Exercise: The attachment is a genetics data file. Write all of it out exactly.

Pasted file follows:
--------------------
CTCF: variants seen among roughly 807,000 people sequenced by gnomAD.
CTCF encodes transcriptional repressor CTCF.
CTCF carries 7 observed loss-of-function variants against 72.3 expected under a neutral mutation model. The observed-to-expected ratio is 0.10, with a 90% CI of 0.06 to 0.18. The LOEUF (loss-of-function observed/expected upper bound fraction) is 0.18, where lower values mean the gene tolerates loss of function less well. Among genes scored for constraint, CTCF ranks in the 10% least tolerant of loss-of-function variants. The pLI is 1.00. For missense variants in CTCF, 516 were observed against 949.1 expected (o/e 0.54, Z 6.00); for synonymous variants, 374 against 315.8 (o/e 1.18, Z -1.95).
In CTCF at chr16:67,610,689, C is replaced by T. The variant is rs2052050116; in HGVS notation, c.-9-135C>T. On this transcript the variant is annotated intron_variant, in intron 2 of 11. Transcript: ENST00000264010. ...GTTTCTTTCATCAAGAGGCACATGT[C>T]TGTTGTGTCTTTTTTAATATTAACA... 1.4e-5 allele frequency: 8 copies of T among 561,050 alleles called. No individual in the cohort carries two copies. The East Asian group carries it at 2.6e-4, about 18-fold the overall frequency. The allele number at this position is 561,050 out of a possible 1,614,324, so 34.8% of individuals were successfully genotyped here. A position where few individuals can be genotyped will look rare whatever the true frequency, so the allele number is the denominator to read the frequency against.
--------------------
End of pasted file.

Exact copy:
CTCF: variants seen among roughly 807,000 people sequenced by gnomAD.
CTCF encodes transcriptional repressor CTCF.
CTCF carries 7 observed loss-of-function variants against 72.3 expected under a neutral mutation model. The observed-to-expected ratio is 0.10, with a 90% CI of 0.06 to 0.18. The LOEUF (loss-of-function observed/expected upper bound fraction) is 0.18, where lower values mean the gene tolerates loss of function less well. Among genes scored for constraint, CTCF ranks in the 10% least tolerant of loss-of-function variants. The pLI is 1.00. For missense variants in CTCF, 516 were observed against 949.1 expected (o/e 0.54, Z 6.00); for synonymous variants, 374 against 315.8 (o/e 1.18, Z -1.95).
In CTCF at chr16:67,610,689, C is replaced by T. The variant is rs2052050116; in HGVS notation, c.-9-135C>T. On this transcript the variant is annotated intron_variant, in intron 2 of 11. Transcript: ENST00000264010. ...GTTTCTTTCATCAAGAGGCACATGT[C>T]TGTTGTGTCTTTTTTAATATTAACA... 1.4e-5 allele frequency: 8 copies of T among 561,050 alleles called. No individual in the cohort carries two copies. The East Asian group carries it at 2.6e-4, about 18-fold the overall frequency. The allele number at this position is 561,050 out of a possible 1,614,324, so 34.8% of individuals were successfully genotyped here. A position where few individuals can be genotyped will look rare whatever the true frequency, so the allele number is the denominator to read the frequency against.